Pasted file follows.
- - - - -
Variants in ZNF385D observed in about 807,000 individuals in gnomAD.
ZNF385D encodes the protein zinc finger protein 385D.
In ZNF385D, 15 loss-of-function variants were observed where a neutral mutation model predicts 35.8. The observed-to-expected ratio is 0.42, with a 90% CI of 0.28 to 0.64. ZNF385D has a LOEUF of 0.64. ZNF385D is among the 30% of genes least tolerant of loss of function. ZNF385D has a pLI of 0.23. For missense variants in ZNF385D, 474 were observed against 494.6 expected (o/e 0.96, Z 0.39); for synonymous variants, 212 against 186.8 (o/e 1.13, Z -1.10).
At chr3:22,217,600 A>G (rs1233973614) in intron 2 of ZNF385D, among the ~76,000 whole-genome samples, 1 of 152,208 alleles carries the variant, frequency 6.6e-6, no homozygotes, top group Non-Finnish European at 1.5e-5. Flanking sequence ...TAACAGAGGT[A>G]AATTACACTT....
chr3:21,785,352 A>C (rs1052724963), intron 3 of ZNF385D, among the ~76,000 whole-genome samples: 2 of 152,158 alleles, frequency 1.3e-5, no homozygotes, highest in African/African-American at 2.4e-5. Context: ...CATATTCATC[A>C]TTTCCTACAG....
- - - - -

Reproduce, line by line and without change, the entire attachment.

Variants in ZNF385D observed in about 807,000 individuals in gnomAD.
ZNF385D encodes the protein zinc finger protein 385D.
In ZNF385D, 15 loss-of-function variants were observed where a neutral mutation model predicts 35.8. The observed-to-expected ratio is 0.42, with a 90% CI of 0.28 to 0.64. ZNF385D has a LOEUF of 0.64. ZNF385D is among the 30% of genes least tolerant of loss of function. ZNF385D has a pLI of 0.23. For missense variants in ZNF385D, 474 were observed against 494.6 expected (o/e 0.96, Z 0.39); for synonymous variants, 212 against 186.8 (o/e 1.13, Z -1.10).
At chr3:22,217,600 A>G (rs1233973614) in intron 2 of ZNF385D, among the ~76,000 whole-genome samples, 1 of 152,208 alleles carries the variant, frequency 6.6e-6, no homozygotes, top group Non-Finnish European at 1.5e-5. Flanking sequence ...TAACAGAGGT[A>G]AATTACACTT....
chr3:21,785,352 A>C (rs1052724963), intron 3 of ZNF385D, among the ~76,000 whole-genome samples: 2 of 152,158 alleles, frequency 1.3e-5, no homozygotes, highest in African/African-American at 2.4e-5. Context: ...CATATTCATC[A>C]TTTCCTACAG....